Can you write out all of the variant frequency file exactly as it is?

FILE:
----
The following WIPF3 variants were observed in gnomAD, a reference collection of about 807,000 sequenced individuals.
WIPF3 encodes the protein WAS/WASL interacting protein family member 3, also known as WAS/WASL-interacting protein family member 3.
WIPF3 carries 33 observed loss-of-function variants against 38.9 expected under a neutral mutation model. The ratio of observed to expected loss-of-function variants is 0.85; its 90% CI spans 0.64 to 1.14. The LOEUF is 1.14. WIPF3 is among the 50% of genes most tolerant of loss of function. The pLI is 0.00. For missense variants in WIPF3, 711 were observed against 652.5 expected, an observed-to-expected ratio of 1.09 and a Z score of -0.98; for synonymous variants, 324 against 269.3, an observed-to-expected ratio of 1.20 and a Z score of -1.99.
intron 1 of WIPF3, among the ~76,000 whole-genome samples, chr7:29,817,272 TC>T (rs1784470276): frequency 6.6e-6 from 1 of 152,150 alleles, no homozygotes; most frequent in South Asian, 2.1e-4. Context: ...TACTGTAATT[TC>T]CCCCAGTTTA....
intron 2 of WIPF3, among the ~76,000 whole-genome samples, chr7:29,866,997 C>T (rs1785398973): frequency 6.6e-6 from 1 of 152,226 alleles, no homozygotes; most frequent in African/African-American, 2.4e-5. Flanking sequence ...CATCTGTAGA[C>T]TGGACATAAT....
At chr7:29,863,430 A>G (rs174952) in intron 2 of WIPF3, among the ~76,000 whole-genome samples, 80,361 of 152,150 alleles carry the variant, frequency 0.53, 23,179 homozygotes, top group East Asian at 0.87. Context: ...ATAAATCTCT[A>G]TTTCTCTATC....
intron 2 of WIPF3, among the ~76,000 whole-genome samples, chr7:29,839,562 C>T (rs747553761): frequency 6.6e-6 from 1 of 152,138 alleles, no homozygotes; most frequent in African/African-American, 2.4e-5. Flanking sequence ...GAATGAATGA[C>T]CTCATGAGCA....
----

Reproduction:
The following WIPF3 variants were observed in gnomAD, a reference collection of about 807,000 sequenced individuals.
WIPF3 encodes the protein WAS/WASL interacting protein family member 3, also known as WAS/WASL-interacting protein family member 3.
WIPF3 carries 33 observed loss-of-function variants against 38.9 expected under a neutral mutation model. The ratio of observed to expected loss-of-function variants is 0.85; its 90% CI spans 0.64 to 1.14. The LOEUF is 1.14. WIPF3 is among the 50% of genes most tolerant of loss of function. The pLI is 0.00. For missense variants in WIPF3, 711 were observed against 652.5 expected, an observed-to-expected ratio of 1.09 and a Z score of -0.98; for synonymous variants, 324 against 269.3, an observed-to-expected ratio of 1.20 and a Z score of -1.99.
intron 1 of WIPF3, among the ~76,000 whole-genome samples, chr7:29,817,272 TC>T (rs1784470276): frequency 6.6e-6 from 1 of 152,150 alleles, no homozygotes; most frequent in South Asian, 2.1e-4. Context: ...TACTGTAATT[TC>T]CCCCAGTTTA....
intron 2 of WIPF3, among the ~76,000 whole-genome samples, chr7:29,866,997 C>T (rs1785398973): frequency 6.6e-6 from 1 of 152,226 alleles, no homozygotes; most frequent in African/African-American, 2.4e-5. Flanking sequence ...CATCTGTAGA[C>T]TGGACATAAT....
At chr7:29,863,430 A>G (rs174952) in intron 2 of WIPF3, among the ~76,000 whole-genome samples, 80,361 of 152,150 alleles carry the variant, frequency 0.53, 23,179 homozygotes, top group East Asian at 0.87. Context: ...ATAAATCTCT[A>G]TTTCTCTATC....
intron 2 of WIPF3, among the ~76,000 whole-genome samples, chr7:29,839,562 C>T (rs747553761): frequency 6.6e-6 from 1 of 152,138 alleles, no homozygotes; most frequent in African/African-American, 2.4e-5. Flanking sequence ...GAATGAATGA[C>T]CTCATGAGCA....